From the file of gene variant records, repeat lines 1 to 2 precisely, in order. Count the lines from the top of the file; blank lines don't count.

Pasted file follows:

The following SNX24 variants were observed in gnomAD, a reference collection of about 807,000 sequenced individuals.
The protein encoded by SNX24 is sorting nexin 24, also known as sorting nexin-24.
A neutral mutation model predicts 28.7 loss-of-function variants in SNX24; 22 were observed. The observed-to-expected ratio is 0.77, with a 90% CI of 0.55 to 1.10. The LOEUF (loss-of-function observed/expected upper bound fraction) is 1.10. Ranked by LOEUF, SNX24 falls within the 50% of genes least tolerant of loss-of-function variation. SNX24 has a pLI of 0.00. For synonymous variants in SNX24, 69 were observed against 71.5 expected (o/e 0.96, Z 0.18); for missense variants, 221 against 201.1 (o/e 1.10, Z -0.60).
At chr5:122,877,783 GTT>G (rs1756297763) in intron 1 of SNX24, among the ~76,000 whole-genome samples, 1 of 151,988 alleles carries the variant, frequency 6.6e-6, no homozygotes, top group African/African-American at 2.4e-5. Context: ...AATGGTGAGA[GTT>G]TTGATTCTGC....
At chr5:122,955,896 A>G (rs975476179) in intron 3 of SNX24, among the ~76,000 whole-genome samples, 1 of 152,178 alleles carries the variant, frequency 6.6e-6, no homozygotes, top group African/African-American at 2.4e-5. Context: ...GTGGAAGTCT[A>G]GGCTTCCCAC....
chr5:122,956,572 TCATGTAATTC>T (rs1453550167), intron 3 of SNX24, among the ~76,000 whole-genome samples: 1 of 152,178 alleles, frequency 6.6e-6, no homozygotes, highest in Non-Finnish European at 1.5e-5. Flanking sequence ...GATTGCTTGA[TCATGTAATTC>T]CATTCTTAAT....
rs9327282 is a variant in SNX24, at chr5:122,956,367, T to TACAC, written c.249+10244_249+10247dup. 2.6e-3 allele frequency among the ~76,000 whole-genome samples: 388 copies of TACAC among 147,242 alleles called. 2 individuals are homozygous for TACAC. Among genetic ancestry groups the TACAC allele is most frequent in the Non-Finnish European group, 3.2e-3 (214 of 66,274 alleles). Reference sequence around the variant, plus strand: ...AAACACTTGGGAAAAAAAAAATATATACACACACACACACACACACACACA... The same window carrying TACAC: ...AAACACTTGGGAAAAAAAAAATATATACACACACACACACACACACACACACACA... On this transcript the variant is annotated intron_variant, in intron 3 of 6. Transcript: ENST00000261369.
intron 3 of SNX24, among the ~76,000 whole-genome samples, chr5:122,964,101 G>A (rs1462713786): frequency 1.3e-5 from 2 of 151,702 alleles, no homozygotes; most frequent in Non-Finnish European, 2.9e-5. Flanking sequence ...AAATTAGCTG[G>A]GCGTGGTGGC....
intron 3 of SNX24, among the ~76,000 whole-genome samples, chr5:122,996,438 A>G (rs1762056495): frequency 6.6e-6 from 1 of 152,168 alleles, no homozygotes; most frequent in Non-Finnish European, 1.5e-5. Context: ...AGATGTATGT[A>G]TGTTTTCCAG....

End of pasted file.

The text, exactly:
The following SNX24 variants were observed in gnomAD, a reference collection of about 807,000 sequenced individuals.
The protein encoded by SNX24 is sorting nexin 24, also known as sorting nexin-24.